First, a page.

The most embarrassing development data cock-up of the last decade was quietly laid to rest in the back pages of The State of Food Insecurity in the World 2013, published on Tuesday by the UN Food and Agriculture Organization (FAO).
Spooked by the exponential rise in food commodity prices in 2007/08, the FAO declared in 2009 that 80 million people would be added to the 925 million already unable to access sufficient food. Writers on development issues, myself included, couldn’t resist generous use of the “billion” word, now that the count of global hunger was reputedly in that vicinity.
In 2011 the FAO took a sabbatical from publishing its annual headline statistic, such was the absence of verifying evidence for its food crisis figures. Sure enough, in last week’s report, the charted trend for global hunger shows not even the slightest blip in its steady downward path over those notorious years of food price volatility.The FAO’s text shrinks from conducting a post mortem on this debacle. In a section entitled: “What was the impact of price volatility observed over recent years?” we learn that:
recent data on global and regional food consumer price indices suggest that price hikes in primary food markets had a limited effect on consumer prices
Such a conclusion is too broad, typical of the oblique discussion in the report. Many of the world’s poorest households did experience real hardship from rising prices, to the extent that there were food riots in many countries.
However, in the spirit of an evident desire to move on, the important question now is whether future global hunger statistics will be more reliable if price volatility returns to haunt us.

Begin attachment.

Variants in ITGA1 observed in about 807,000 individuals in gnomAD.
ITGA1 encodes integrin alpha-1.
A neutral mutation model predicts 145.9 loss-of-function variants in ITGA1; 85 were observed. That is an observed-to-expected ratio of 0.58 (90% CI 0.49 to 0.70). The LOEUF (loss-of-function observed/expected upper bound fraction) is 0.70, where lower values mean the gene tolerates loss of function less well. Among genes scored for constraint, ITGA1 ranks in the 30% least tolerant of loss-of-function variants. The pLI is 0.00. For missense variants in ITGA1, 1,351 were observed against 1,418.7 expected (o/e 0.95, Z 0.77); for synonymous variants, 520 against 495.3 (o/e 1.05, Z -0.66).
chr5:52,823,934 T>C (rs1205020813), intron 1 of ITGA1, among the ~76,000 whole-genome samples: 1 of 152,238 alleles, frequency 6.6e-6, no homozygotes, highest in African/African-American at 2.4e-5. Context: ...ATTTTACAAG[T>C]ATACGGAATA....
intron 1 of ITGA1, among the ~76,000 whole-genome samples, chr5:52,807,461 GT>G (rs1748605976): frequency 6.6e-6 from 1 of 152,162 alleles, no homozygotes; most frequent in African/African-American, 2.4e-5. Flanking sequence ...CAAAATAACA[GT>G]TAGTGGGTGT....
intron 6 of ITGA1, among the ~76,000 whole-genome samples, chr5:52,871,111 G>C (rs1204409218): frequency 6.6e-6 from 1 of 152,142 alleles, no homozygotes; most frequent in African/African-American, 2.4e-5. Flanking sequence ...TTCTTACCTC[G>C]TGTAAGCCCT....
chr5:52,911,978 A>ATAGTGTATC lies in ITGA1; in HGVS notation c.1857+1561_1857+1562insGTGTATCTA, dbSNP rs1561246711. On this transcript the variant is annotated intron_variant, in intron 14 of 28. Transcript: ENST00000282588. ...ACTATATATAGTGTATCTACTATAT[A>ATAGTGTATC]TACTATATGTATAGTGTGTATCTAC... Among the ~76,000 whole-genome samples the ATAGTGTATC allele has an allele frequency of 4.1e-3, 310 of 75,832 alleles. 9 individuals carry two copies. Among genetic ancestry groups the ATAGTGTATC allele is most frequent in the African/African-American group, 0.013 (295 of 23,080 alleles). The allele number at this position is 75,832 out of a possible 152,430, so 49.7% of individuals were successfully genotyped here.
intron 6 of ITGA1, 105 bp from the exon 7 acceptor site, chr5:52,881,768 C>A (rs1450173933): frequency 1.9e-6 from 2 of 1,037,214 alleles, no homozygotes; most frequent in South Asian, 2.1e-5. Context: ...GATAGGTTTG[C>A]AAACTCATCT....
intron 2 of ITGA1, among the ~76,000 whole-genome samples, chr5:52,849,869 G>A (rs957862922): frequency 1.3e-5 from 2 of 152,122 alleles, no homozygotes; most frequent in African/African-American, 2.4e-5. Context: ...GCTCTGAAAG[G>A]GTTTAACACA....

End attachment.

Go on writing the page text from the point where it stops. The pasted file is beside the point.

The FAO would doubtless point to its improved understanding of the economics of price transmission. But there’s no substitute for hard data, in particular the challenge of overcoming the inordinate delay in gathering household data in the world’s poorest countries.
In Dignity For All, the UN Secretary-General’s report on the post-2015 agenda debated at the General Assembly last month, he refers to the “opportunity for a data revolution” driven by the forces of new technology. Positive stories of collating real-time data on living standards are emerging across Africa, invariably enabled by mobile phone technology.
There’s an immediate test for this embryonic revolution. Is Africa the continent driving global economic growth, as conventional GDP figures suggest? Or do these growth figures merely chart the booming demand for natural resources, the GDP froth incapable of penetrating chronic poverty?
Figures published in The State of Food Insecurity in the World 2013 question this “Africa Rising” narrative. With hunger falling everywhere else, the numbers in Africa continue to edge upwards:Also published last week was the Afrobarometer, a survey compiled from over 50,000 household interviews across 34 countries. It concludes: “we find little evidence for systematic reduction of lived poverty despite average GDP growth rates of 4.8% per year.”
The relationship between GDP growth and poverty reduction is too important to wait five years for the machinery of household data collection to grind out an answer. Prizes await the organization that can successfully combine technology with the traditional skills of development intervention to solve this nagging riddle of development economics.
all charts are sourced from The State of Food Insecurity in the World 2013
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